On one of the last snowy days of the season in early March, Michael Trotsky is sitting in the offices of The Massachusetts Pension Reserves Investment Management Board (PRIM) in downtown Boston along with his colleague, Michael Bailey, reflecting on the last 12 months.
“We had a good year in private equity,” says Trotsky, who is executive director and chief investment officer at the $60 billion pension plan. “We’re very proud of this performance.”
The performance to which he refers comprises a 16.5 percent return from the pension’s private equity programme in 2015. A good year comes on the back of a good decade for PRIM. In December, the American Investment Council published a ranking of 155 US public pensions that placed the Massachusetts Pension Reserves Investment Trust (PRIT) first among its peers based on the performance of its private equity programme. PRIT Fund’s 10-year private equity return stood at 17.93 percent net of management fees and carry as of June 2014, compared with a median 10-year annualised return of 12.1 percent.
Trotsky and Bailey, who oversees the pension’s private equity programme, attribute their success in private equity to several factors: the programme’s long-term and consistent approach to the asset class, the distinctive way it conducts due diligence, and its ability to adapt to an increasingly competitive market by focusing on smaller managers.
PRIM began investing in private equity in the mid-1980s and has been consistent in the types of managers it backs.
Mass PRIT, which had $59.6 billion in net asset value as of 31 December 2015, has had a 10 percent allocation to private equity since Trotsky joined about five years ago. Over the years, it has built a robust and mature private equity portfolio including many of the top-tier, blue chip general partners in the buyout and venture capital world, such as The Blackstone Group, Charterhouse Capital Partners, Bain Capital, Apollo Global Management, CVC Capital Partners, TA Associates, Polaris Venture Partners and Union Square Ventures.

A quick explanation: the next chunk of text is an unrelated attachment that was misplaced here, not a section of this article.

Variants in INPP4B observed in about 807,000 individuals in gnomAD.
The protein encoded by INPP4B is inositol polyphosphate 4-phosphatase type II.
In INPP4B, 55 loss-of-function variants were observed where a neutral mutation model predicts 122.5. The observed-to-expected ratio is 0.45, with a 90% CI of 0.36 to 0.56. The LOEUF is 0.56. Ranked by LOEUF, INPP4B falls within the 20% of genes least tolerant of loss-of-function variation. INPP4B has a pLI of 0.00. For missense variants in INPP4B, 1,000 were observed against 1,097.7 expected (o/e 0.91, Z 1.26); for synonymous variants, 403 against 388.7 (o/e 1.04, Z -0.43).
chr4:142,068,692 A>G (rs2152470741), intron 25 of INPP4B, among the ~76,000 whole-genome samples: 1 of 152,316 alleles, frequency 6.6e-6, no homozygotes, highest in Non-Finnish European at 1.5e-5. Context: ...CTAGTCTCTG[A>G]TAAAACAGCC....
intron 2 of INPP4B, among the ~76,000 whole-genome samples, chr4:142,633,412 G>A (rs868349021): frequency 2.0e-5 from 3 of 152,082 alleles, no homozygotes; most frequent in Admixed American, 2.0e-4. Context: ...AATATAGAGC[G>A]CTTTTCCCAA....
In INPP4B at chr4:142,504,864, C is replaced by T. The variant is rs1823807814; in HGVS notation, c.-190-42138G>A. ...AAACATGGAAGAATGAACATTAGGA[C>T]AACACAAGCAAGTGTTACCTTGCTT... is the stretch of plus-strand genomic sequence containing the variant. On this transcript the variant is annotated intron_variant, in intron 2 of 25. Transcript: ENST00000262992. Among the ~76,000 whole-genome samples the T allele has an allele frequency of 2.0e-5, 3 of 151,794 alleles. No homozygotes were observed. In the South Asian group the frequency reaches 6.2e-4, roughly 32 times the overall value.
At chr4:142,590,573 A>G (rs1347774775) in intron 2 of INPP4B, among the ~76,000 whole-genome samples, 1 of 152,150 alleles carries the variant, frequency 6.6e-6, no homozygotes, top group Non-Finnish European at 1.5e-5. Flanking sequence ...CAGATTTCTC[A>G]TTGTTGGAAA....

In compiling its programme, PRIM has made a virtue of patience, putting more emphasis on managers who have been disciplined in waiting for valuations to reach attractive levels before investing capital.
“What we’re worried about is that more and more money seems to be chasing private equity, so it’s more and more important to be with the top performers,” Trotsky says. “Many of our colleagues around the country are allocating more to private equity; that’s a change. It makes the bidding more competitive. Valuations are a little stretched so we think it is incumbent upon us to identify managers with discipline at this stage.”
This is particularly true in the distressed debt space, where timing of investments is fundamentally important, says Bailey. PRIM has a 4 percent target allocation to distressed debt, in addition to the 10 percent to private equity. It has been running behind on that 4 percent target for the past five years as the pension plan recognises the cyclicality of distressed debt investing and does not want to force its distressed debt managers to buy into an unattractive market. As financing conditions are deteriorating, at least in some sectors such as energy, dealflow is picking up.
“Distressed debt managers are poised for that point in the cycle when there really is a lot of fear of failure. The last three years have not been a great time; there hasn’t been a lot of default,” says Bailey.
PRIM had already committed capital to distressed debt funds in recent years but has a fair amount of unfunded commitments with GPs. As the cycle is turning, it plans to commit a little more this year to the strategy.